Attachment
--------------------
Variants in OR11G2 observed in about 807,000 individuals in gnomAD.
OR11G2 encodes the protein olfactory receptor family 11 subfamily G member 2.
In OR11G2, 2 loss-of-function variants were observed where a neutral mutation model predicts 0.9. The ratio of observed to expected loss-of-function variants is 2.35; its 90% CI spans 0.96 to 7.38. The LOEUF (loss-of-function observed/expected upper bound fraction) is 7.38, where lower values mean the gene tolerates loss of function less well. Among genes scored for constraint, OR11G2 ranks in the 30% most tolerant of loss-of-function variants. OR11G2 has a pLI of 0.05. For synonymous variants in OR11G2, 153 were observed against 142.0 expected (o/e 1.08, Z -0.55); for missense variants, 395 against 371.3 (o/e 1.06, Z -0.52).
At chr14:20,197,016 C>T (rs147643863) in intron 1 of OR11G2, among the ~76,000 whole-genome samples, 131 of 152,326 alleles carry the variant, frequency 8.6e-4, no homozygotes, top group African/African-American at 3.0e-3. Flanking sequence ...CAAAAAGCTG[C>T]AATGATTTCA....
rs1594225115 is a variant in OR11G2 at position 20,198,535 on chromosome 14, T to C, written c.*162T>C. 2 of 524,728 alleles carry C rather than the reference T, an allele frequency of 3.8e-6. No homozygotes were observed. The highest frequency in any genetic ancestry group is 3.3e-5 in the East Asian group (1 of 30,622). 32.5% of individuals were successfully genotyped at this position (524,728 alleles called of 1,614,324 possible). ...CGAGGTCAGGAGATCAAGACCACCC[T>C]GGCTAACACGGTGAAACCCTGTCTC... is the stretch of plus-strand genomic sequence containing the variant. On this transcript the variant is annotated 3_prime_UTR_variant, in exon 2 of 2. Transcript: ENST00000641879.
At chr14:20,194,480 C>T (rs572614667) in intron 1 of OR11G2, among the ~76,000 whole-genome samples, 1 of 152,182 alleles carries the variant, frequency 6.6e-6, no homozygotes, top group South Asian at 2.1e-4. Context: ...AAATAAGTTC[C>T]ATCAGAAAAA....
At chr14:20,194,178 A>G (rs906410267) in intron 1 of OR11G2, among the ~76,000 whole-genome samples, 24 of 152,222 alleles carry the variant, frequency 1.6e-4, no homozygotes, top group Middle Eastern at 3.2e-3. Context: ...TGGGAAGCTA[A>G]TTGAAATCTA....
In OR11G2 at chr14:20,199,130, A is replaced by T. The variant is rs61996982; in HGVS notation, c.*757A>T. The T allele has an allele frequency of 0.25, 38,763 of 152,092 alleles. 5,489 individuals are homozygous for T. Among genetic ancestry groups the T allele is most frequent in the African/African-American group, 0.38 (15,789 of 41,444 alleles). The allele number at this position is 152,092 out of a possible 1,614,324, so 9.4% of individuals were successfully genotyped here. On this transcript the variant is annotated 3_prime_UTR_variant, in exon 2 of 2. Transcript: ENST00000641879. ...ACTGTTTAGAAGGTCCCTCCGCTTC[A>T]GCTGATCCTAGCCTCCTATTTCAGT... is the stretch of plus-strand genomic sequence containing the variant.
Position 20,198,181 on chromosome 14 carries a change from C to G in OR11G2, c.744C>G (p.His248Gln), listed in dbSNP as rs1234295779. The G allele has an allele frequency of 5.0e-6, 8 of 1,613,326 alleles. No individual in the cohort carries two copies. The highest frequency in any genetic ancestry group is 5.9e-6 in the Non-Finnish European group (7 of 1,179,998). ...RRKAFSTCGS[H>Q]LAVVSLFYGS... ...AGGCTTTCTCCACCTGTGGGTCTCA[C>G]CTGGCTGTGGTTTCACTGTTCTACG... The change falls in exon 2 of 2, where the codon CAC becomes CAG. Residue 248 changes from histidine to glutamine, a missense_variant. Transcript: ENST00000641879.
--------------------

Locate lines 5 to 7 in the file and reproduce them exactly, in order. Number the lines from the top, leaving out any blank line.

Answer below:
rs1594225115 is a variant in OR11G2 at position 20,198,535 on chromosome 14, T to C, written c.*162T>C. 2 of 524,728 alleles carry C rather than the reference T, an allele frequency of 3.8e-6. No homozygotes were observed. The highest frequency in any genetic ancestry group is 3.3e-5 in the East Asian group (1 of 30,622). 32.5% of individuals were successfully genotyped at this position (524,728 alleles called of 1,614,324 possible). ...CGAGGTCAGGAGATCAAGACCACCC[T>C]GGCTAACACGGTGAAACCCTGTCTC... is the stretch of plus-strand genomic sequence containing the variant. On this transcript the variant is annotated 3_prime_UTR_variant, in exon 2 of 2. Transcript: ENST00000641879.
At chr14:20,194,480 C>T (rs572614667) in intron 1 of OR11G2, among the ~76,000 whole-genome samples, 1 of 152,182 alleles carries the variant, frequency 6.6e-6, no homozygotes, top group South Asian at 2.1e-4. Context: ...AAATAAGTTC[C>T]ATCAGAAAAA....
At chr14:20,194,178 A>G (rs906410267) in intron 1 of OR11G2, among the ~76,000 whole-genome samples, 24 of 152,222 alleles carry the variant, frequency 1.6e-4, no homozygotes, top group Middle Eastern at 3.2e-3. Context: ...TGGGAAGCTA[A>G]TTGAAATCTA....